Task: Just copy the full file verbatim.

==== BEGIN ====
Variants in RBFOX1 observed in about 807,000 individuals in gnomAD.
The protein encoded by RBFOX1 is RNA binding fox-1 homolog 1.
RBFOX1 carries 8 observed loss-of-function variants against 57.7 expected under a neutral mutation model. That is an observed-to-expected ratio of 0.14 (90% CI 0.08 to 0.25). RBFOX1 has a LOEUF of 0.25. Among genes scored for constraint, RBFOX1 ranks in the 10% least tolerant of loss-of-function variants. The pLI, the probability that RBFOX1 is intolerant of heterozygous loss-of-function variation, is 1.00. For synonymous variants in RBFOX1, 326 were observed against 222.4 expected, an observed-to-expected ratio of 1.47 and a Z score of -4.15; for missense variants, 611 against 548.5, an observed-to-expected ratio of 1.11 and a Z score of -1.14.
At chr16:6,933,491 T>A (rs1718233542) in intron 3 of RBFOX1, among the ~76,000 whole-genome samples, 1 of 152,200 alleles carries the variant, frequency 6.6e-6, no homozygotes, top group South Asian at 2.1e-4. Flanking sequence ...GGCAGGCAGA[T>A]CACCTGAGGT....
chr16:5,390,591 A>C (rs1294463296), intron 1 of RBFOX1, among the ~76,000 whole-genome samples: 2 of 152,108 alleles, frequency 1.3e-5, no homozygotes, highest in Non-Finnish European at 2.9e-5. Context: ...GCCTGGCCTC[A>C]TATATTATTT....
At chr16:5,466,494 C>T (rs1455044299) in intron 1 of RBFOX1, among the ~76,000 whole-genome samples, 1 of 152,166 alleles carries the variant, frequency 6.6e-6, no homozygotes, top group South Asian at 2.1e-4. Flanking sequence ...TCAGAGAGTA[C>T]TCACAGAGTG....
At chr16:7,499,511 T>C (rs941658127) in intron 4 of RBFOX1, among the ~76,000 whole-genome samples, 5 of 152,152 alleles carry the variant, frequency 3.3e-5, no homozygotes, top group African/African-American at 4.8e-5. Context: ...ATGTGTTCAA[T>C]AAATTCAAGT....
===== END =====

Variants in RBFOX1 observed in about 807,000 individuals in gnomAD.
The protein encoded by RBFOX1 is RNA binding fox-1 homolog 1.
RBFOX1 carries 8 observed loss-of-function variants against 57.7 expected under a neutral mutation model. That is an observed-to-expected ratio of 0.14 (90% CI 0.08 to 0.25). RBFOX1 has a LOEUF of 0.25. Among genes scored for constraint, RBFOX1 ranks in the 10% least tolerant of loss-of-function variants. The pLI, the probability that RBFOX1 is intolerant of heterozygous loss-of-function variation, is 1.00. For synonymous variants in RBFOX1, 326 were observed against 222.4 expected, an observed-to-expected ratio of 1.47 and a Z score of -4.15; for missense variants, 611 against 548.5, an observed-to-expected ratio of 1.11 and a Z score of -1.14.
At chr16:6,933,491 T>A (rs1718233542) in intron 3 of RBFOX1, among the ~76,000 whole-genome samples, 1 of 152,200 alleles carries the variant, frequency 6.6e-6, no homozygotes, top group South Asian at 2.1e-4. Flanking sequence ...GGCAGGCAGA[T>A]CACCTGAGGT....
chr16:5,390,591 A>C (rs1294463296), intron 1 of RBFOX1, among the ~76,000 whole-genome samples: 2 of 152,108 alleles, frequency 1.3e-5, no homozygotes, highest in Non-Finnish European at 2.9e-5. Context: ...GCCTGGCCTC[A>C]TATATTATTT....
At chr16:5,466,494 C>T (rs1455044299) in intron 1 of RBFOX1, among the ~76,000 whole-genome samples, 1 of 152,166 alleles carries the variant, frequency 6.6e-6, no homozygotes, top group South Asian at 2.1e-4. Flanking sequence ...TCAGAGAGTA[C>T]TCACAGAGTG....
At chr16:7,499,511 T>C (rs941658127) in intron 4 of RBFOX1, among the ~76,000 whole-genome samples, 5 of 152,152 alleles carry the variant, frequency 3.3e-5, no homozygotes, top group African/African-American at 4.8e-5. Context: ...ATGTGTTCAA[T>C]AAATTCAAGT....